Greeklish

Greeklish, a portmanteau of the words Greek and English, also known as Grenglish, Latinoellinika/Λατινοελληνικά or ASCII Greek, is the Greek language written using the Latin alphabet. Unlike standardized systems of Romanization of Greek, as used internationally for purposes such as rendering Greek proper names or place names, or for bibliographic purposes, the term Greeklish mainly refers to informal, ad-hoc practices of writing Greek text in environments where the use of the Greek alphabet is technically impossible or cumbersome, especially in electronic media. Greeklish was commonly used on the Internet when Greek people communicate by forum, e-mail, IRC, instant messaging and occasionally on SMS, mainly because older operating systems did not have the ability to write in Greek, or in a unicode form like UTF-8. Nowadays most Greek language content appears in the Greek alphabet.

Sometimes, the term Greeklish is also used informally for a non-standard language variety used by bilingual speakers of English and Greek, i.e. Greek with heavy macaronic or code-switching admixture of English words, or vice versa.

History

Some older traditions of using the Latin alphabet for Greek existed in earlier centuries. The term frankolevantinika properly refers to the use of the Latin script to write Greek in the cultural ambit of Catholicism. ("Frankos" is an older Greek term for Roman Catholic.) This usage was routine in the Venetian-ruled Greece and in Venetian Crete in the early modern era. Indeed, the autograph manuscripts of several Greek literary works of the Renaissance are in Latin script (e.g. the comedy Fortounatos by Markos Antonios Foskolos, 1655). This convention was also known as frankochiotika/φραγκοχιώτικα, "Frankish/Catholic Chiot", alluding to the significant presence of Catholic missionaries based on the island of Chios.

Orthographic and phonetic Greeklish

Greeklish may be orthographic or phonetic. In orthographic use, the intent is to reproduce Greek orthography closely: there is a one-to-one mapping between Greek and Latin letters, and digraphs are avoided, with occasional use of punctuation or numerals resembling Greek letters rather than Latin digraphs. While letters are in the first instance chosen for phonetic similarity, visual equivalence, and corresponding keyboard keys, are used when phonetically similar letters are exhausted. Thus, psi (ψ) may be written as ps, 4 or y; xi (ξ) as ks, x or 3; and theta (θ) as th or 8.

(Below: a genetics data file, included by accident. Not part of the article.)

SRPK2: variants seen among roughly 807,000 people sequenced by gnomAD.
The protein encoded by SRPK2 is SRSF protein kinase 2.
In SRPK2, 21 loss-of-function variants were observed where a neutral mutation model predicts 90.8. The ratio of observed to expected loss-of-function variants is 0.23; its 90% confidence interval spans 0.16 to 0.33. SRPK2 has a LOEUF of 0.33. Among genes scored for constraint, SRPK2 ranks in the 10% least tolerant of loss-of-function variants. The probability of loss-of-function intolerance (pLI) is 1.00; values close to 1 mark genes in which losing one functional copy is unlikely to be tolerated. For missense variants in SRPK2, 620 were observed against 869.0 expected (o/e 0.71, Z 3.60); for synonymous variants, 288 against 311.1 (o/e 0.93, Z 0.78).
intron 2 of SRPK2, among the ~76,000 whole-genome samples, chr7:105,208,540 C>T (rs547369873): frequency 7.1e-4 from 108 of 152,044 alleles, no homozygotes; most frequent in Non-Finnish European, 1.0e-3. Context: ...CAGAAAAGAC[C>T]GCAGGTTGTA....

In phonetic use, there is no concern to reproduce Greek orthography, and the Greeklish is a phonetic transcription (usually with English phonetic norms, sometimes with other languages' like German) of Greek words — although often there is a mixture of the two. In particular, iotacism is preserved: the various letters and digraphs now pronounced as /i/ are transcribed as i, and not differentiated as they are in an orthographic scheme (e.g. h, i, u, ei, oi for η ι υ ει οι). In a phonetic scheme, xi is usually x or ks or 3; ks or 3 is used if x has been chosen, following orthographic norms, for chi (χ). Psi and theta will usually be the digraphs ps and th. 3 is often used to represent xi (ξ) because of the similar shape of the number 3 to the original letter albeit mirrored.

An example of orthographic Greeklish could be the word "plateia", which in Greek means "square" and using the Greek alphabet is spelled "πλατεία". The word "plateia" derives from the exact replacement of each Greek letter with its Latin respective: π=p, λ=l, α=a, τ=t, ε=e, ι=i, α=a.

An example of phonetic Greeklish could be the same word, "square", written like this: "platia". The reason the same word is, in this occasion, written without the letter "e", is the fact that, phonetically, the word "square" in Greek sounds exactly like this: "platia" (since -"εί"- is now pronounced /i/, as an instance of iotacism), but not for the phonology and the historical or learned pronunciation of the Ancient Greek language (where it was "plateia").

The most extreme case of orthographic Greeklish, which achieves the greater optical resemblance to the Greek prototypes, is perhaps the so-called "byzantine" or "arabesque" or "calligraphic/artistic" Greeklish introduced in the Hellas mailing list by the mathematician George Baloglou. Main characteristics of Baloglou's "byzantine" is the distinction of σ and ς (σ=c ς=s), the distinction οf lower and upper letters, such as π=n, Π=TT or 5, θ=8, Θ=0 or Q, ψ=y, Ψ=4, and the unusual, but with great resemblance with the Greek prototype, transliterations σ=c, π=n ρ=p Ρ=P.

Since there were many relevant differences both in the written and in the spoken language -such as in the grammar, orthography and phonology of Greek- at the time of the Ancient Greek, the Koine, Jewish Koine, Medieval and Modern, thus the same word across the history may change outstandingly and therefore have multiple choices of "rendering" (transliteration or transcription) depending on the time on which the referring text was written or translated.